Pablo Iglesias, leader of PODEMOS
Fighting the new fascism: Juan Carlos Monedero on PODEMOS, Spain’s new political force
In Spain this past May, the usually dull and boring elections to the European Union’s Parliament produced a sudden shock to the political system. A new two-month-old party led by a 35-year-old, pony-tailed political scientist, appeared out of nowhere—but clearly from the Left—to sweep up a surprising 8 percent of the votes. The result was good to win five European seats, transforming the infant organization into the country’s 4th largest political force. One of the party’s founders, political scientist Juan Carlos Monedero, spoke with us in late August.
The unexpected European triumph of Spain’s newcomer on the Left underscored the affirmative simplicity of its name—PODEMOS: We Can. Or perhaps better: Together We Can Do It. The party’s rise has been meteoric. PODEMOS began as a grassroots movement in January 2014 and did not register as a party until March. Since the May elections, it has multiplied its support; according to an August 31 poll PODEMOS would earn 21 percent of the votes, only one percent less than the Socialist Party. Its political program, the details of which are still being defined, calls for broad political, economic, and social reforms: a new social contract that supersedes neoliberalism. (For more details see the sidebar.)
Among the party’s most prominent public faces is Juan Carlos Monedero, a political scientist at the Universidad Complutense de Madrid. Monedero has extensive international experience as a consultant to progressive politicians (particularly in Latin America), has worked for years with Spain’s United Left, is a fixture in the Spanish media, and has served as an academic mentor to PODEMOS leader Pablo Iglesias. (More on Monedero here.)
Monedero’s life since May has been a whirlwind, with almost daily appearances on television, trips abroad, and feverish preparations to get PODEMOS ready for its first constitutive congress in September. In this first extensive interview to be published in English since the rise of PODEMOS, Monedero spoke to The Volunteer about the birth of the party and his role in it; the Spanish crisis; the progressive tradition; the lessons from Latin America; and the future of his country. “I am a hopeful pessimist. We’re facing a long and difficult struggle. But we have plenty of reasons to keep fighting.”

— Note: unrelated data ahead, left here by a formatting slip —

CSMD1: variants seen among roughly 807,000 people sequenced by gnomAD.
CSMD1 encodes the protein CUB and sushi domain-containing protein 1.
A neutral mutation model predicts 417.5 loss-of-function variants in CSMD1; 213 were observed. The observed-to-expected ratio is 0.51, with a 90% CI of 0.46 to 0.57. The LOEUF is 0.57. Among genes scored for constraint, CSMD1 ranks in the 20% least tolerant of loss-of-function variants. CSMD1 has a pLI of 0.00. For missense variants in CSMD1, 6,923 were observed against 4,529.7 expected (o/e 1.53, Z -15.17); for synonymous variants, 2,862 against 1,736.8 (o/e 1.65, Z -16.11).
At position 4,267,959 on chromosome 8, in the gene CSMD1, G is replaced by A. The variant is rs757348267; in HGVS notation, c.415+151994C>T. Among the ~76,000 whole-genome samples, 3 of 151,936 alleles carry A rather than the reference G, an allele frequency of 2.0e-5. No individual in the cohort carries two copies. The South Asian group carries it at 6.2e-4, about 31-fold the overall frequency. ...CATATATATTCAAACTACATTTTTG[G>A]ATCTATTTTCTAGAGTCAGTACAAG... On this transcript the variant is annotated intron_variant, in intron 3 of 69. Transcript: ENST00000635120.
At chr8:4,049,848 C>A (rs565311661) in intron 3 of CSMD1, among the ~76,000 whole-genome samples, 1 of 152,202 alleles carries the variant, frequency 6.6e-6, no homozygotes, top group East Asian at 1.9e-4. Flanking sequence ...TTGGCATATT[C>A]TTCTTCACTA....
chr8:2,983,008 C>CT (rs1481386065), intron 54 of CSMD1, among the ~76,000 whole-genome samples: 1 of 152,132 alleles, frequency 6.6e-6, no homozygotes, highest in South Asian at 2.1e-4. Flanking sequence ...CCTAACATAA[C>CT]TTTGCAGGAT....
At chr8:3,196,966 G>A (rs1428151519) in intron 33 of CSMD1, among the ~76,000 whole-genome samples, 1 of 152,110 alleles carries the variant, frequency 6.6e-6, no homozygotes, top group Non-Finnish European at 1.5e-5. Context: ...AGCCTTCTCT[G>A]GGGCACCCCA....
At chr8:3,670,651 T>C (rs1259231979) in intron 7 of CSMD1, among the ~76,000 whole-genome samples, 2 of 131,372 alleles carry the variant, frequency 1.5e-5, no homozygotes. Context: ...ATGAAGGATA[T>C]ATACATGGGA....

Why PODEMOS and why now?
JCM: Those of us who launched PODEMOS found each other in the Faculty of Political Science and Sociology in Madrid, and in La Tuerka, a political debate program. We agreed that the model of Spanish democracy as it had been established in 1978 was exhausted, and we felt the same about representative democracy under neoliberalism in general. What compelled us into action in early 2014 was a series of different factors. First, the United Left (IU) unilaterally abandoned a project that had tried to bring different political forces together. Second, the European elections in May opened a window of opportunity. These are the only elections in Spain that bypass electoral districts, so that every vote counts the same, and they draw a relatively low turnout, so that fewer votes are needed for a seat. It was an attractive opportunity to try for an electoral breakthrough. Finally, Pablo Iglesias had become a very powerful presence in the media, while I had spent a couple of years traveling all over Spain to give talks. So a whole range of elements coincided: the possibility of a nationwide network, our media presence, the European window of opportunity, the exhaustion of the current regime—and the fact that some polls indicated that there was electoral room for a new political party. Like in a fairy tale, everything came together: the princess, the castle, the woods, the frog-turned-prince, the seven-league boots. All we needed was the kiss—which we got on May 25 in the form of 1,250,000 votes.
You are part of the PODEMOS leadership but are not yourself running for office.
JCM: Yes, and that is on purpose. Among the founding group we decided that only Pablo Iglesias would run. This is our way of showing the voters that we are not in this for a cushy political job. That there is a different way of doing politics. We are now working toward the constitutive congress, from which an elected leadership team will emerge.